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Essay on School Violence

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In nearly every school’s mission statement, it is stated the school will provide a safe environment for all children; yet, every day on the news, there are stories in which a teenager commits suicide or a teenager has inflicted pain on another student. Most of these stories stem from one common denominator: the student had been a victim of violence in schools. In recent years, it seems these types of news stories have been on the rise and brought to many people’s attention. When a student enters a school building, it should be a safe haven where the students feel protected and out of harms way; however, that is not always the case. All over the country, many students fear entering school buildings because they know it is a place where they may be teased, bullied, and physically or mentally abused. Educators must be aware of these issues and educate themselves on how to keep students safe both in and out of school. The American Federation of Teachers (2010) suggest in order for school violence to decrease there must be a
district wide commitment to safe, orderly schools, including a real effort by district officials to stand behavior school employees with the support they need – and a commitment by administrators to forge a cooperative effort with school employees aimed at educating students, parents and member of the community about the need for tough but fair discipline policies (Behavior-Management Techniques for Safe Schools pg. 2).
Moreover, schools need involvement from all stakeholders in the school district to ensure proper plans are put in place to deal with violence appropriately when situations arise.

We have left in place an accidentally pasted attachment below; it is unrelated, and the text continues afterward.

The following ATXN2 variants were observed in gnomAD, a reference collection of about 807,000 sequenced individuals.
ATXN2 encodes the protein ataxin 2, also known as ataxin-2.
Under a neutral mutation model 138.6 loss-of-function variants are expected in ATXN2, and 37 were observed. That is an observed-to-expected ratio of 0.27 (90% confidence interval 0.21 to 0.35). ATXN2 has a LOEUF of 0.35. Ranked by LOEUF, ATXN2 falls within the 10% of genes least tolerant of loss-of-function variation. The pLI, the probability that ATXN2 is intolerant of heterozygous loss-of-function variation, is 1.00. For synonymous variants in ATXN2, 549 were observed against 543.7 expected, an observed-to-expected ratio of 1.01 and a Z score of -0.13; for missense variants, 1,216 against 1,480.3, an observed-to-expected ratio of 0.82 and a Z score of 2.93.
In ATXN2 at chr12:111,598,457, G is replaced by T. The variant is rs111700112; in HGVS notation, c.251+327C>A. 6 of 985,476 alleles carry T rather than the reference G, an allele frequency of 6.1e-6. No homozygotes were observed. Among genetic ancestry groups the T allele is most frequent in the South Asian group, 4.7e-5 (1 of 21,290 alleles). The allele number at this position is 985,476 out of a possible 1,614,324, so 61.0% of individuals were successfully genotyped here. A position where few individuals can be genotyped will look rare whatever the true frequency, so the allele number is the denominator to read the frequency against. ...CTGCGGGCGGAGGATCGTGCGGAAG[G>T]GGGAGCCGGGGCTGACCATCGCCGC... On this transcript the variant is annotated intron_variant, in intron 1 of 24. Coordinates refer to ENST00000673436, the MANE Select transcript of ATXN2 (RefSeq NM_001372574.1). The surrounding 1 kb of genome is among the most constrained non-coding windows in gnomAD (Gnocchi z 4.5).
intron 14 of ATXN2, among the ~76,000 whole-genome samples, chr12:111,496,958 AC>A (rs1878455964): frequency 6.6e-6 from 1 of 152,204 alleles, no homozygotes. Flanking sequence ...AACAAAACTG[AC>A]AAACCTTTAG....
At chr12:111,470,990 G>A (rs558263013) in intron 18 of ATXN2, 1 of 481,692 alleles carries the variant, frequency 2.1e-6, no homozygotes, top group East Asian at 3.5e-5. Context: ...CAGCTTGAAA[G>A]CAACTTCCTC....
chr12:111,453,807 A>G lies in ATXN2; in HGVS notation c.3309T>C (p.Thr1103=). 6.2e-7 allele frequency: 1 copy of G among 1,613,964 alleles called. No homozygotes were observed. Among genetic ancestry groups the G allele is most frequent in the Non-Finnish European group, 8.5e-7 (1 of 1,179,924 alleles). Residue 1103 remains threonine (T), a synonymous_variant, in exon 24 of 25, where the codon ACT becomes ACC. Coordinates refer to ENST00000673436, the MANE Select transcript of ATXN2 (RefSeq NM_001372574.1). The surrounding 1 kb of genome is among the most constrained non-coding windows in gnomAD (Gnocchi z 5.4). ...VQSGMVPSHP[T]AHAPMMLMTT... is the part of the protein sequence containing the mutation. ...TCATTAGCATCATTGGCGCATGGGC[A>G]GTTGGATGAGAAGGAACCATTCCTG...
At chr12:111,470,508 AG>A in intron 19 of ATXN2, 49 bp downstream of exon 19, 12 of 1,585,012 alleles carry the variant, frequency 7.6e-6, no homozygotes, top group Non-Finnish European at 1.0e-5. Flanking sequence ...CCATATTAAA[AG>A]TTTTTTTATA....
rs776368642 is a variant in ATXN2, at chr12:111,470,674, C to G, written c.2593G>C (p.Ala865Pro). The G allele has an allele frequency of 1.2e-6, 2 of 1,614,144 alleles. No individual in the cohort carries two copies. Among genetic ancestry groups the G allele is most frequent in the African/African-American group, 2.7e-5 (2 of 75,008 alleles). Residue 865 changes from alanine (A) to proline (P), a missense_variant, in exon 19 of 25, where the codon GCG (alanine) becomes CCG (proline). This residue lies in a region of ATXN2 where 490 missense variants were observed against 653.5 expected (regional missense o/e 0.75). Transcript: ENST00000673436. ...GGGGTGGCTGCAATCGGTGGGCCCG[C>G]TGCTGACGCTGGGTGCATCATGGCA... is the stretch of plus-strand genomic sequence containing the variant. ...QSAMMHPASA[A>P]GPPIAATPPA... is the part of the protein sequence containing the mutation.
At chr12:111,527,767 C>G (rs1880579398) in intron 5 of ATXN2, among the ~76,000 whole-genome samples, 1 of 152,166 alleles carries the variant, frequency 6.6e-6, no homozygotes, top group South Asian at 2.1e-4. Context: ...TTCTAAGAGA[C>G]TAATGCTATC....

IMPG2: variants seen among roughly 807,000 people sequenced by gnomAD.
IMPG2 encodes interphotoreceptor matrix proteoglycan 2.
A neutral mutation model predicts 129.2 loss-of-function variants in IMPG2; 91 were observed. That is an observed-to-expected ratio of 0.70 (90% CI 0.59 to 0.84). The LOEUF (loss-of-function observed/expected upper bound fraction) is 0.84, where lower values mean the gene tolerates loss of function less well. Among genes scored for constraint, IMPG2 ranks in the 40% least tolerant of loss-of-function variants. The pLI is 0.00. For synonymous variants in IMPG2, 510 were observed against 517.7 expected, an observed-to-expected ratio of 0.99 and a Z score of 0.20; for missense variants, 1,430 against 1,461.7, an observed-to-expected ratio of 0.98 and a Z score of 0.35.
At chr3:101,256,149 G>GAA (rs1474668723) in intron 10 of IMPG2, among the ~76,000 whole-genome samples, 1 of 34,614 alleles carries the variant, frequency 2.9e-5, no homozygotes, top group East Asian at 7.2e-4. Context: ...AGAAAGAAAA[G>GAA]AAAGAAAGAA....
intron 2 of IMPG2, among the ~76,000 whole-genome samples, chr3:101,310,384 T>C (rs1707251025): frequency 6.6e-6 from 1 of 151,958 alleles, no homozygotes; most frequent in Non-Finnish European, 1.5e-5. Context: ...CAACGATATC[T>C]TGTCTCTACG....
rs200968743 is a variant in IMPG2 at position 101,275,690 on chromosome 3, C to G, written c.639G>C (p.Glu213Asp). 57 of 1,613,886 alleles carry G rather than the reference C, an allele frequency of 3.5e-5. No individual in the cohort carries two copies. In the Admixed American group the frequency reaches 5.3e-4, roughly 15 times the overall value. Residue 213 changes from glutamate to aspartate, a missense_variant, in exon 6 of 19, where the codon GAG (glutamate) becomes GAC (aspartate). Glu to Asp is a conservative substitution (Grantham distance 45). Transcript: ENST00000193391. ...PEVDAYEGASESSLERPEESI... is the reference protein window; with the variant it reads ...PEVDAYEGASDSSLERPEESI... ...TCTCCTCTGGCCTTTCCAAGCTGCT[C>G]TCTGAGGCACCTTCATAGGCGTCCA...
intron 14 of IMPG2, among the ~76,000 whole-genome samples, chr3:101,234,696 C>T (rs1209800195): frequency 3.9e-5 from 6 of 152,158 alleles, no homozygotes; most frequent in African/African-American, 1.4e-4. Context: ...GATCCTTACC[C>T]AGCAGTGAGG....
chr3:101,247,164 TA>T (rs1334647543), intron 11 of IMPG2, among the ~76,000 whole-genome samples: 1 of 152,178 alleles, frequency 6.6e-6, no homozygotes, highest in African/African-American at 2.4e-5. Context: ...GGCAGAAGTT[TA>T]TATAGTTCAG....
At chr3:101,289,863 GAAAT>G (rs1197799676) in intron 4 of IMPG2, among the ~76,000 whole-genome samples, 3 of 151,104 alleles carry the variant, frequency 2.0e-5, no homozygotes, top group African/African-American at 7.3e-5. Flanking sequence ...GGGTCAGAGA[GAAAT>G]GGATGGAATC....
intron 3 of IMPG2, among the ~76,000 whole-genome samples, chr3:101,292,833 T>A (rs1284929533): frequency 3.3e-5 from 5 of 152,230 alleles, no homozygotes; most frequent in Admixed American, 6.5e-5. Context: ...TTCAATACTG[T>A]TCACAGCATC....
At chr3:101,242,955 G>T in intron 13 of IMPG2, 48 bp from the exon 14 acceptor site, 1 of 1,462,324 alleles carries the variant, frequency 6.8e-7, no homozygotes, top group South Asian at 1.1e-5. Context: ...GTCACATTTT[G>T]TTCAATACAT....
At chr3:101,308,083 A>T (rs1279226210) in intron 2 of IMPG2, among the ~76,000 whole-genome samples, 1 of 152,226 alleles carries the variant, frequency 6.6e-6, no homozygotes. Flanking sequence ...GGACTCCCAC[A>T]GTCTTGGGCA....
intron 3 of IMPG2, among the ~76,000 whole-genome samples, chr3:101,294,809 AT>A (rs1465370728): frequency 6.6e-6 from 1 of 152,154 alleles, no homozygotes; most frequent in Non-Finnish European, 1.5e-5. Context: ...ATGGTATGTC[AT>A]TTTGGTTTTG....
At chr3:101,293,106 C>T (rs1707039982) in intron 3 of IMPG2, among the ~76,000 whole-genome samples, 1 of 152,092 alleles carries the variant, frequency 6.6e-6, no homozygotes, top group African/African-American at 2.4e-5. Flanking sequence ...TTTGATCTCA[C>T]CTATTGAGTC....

Physical violence is defined as an “aggressive behavior where the actor or perpetrator uses his or her own bo...


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... in grade school. We are concerned about bullying and teasing, and taunting. We can spend all the money in the world on security around the school, but it won’t do much good if students don’t feel safe inside the school” (Coloroso p. 27). When students come to school they should not do so in fear. They should feel safe and welcomed without the worry of taunting, teasing, or violence. School districts need to provide professional development and assemblies to discuss such issues with students. Teachers need to bring these issues to students’ attention by incorporating such issues in daily lessons and emphasizing the zero tolerance for such behaviors. After, the goal of educators is to mold students into productive members of society. If they cannot behave and treat others with respect in school, they will struggle to do so once they enter “real world”.




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